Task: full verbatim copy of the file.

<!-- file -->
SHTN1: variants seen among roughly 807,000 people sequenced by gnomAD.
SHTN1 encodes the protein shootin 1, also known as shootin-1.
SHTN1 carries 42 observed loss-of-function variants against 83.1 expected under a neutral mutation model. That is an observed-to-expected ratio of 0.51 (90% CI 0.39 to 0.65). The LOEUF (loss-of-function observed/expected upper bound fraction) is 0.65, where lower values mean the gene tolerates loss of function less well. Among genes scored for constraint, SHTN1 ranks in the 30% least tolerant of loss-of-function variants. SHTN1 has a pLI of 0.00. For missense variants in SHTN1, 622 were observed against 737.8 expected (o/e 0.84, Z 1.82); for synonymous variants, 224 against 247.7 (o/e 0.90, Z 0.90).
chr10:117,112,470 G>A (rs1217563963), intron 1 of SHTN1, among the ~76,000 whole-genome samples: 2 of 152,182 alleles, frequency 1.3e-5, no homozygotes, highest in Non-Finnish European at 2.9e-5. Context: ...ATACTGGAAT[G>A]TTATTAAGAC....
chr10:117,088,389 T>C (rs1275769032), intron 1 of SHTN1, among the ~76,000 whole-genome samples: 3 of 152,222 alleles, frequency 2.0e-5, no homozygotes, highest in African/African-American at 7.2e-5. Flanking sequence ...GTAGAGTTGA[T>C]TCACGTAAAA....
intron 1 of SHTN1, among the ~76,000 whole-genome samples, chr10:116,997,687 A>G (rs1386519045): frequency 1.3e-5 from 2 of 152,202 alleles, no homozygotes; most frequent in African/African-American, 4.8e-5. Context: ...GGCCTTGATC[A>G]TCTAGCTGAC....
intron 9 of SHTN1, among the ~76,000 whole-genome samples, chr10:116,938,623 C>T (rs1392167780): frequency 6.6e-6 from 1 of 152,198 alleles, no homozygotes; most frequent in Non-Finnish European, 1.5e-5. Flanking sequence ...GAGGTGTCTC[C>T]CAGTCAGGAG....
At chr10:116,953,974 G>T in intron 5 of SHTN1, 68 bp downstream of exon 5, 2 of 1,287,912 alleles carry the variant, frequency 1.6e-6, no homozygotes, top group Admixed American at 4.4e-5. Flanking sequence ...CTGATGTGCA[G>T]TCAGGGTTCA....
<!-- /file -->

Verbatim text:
SHTN1: variants seen among roughly 807,000 people sequenced by gnomAD.
SHTN1 encodes the protein shootin 1, also known as shootin-1.
SHTN1 carries 42 observed loss-of-function variants against 83.1 expected under a neutral mutation model. That is an observed-to-expected ratio of 0.51 (90% CI 0.39 to 0.65). The LOEUF (loss-of-function observed/expected upper bound fraction) is 0.65, where lower values mean the gene tolerates loss of function less well. Among genes scored for constraint, SHTN1 ranks in the 30% least tolerant of loss-of-function variants. SHTN1 has a pLI of 0.00. For missense variants in SHTN1, 622 were observed against 737.8 expected (o/e 0.84, Z 1.82); for synonymous variants, 224 against 247.7 (o/e 0.90, Z 0.90).
chr10:117,112,470 G>A (rs1217563963), intron 1 of SHTN1, among the ~76,000 whole-genome samples: 2 of 152,182 alleles, frequency 1.3e-5, no homozygotes, highest in Non-Finnish European at 2.9e-5. Context: ...ATACTGGAAT[G>A]TTATTAAGAC....
chr10:117,088,389 T>C (rs1275769032), intron 1 of SHTN1, among the ~76,000 whole-genome samples: 3 of 152,222 alleles, frequency 2.0e-5, no homozygotes, highest in African/African-American at 7.2e-5. Flanking sequence ...GTAGAGTTGA[T>C]TCACGTAAAA....
intron 1 of SHTN1, among the ~76,000 whole-genome samples, chr10:116,997,687 A>G (rs1386519045): frequency 1.3e-5 from 2 of 152,202 alleles, no homozygotes; most frequent in African/African-American, 4.8e-5. Context: ...GGCCTTGATC[A>G]TCTAGCTGAC....
intron 9 of SHTN1, among the ~76,000 whole-genome samples, chr10:116,938,623 C>T (rs1392167780): frequency 6.6e-6 from 1 of 152,198 alleles, no homozygotes; most frequent in Non-Finnish European, 1.5e-5. Flanking sequence ...GAGGTGTCTC[C>T]CAGTCAGGAG....
At chr10:116,953,974 G>T in intron 5 of SHTN1, 68 bp downstream of exon 5, 2 of 1,287,912 alleles carry the variant, frequency 1.6e-6, no homozygotes, top group Admixed American at 4.4e-5. Flanking sequence ...CTGATGTGCA[G>T]TCAGGGTTCA....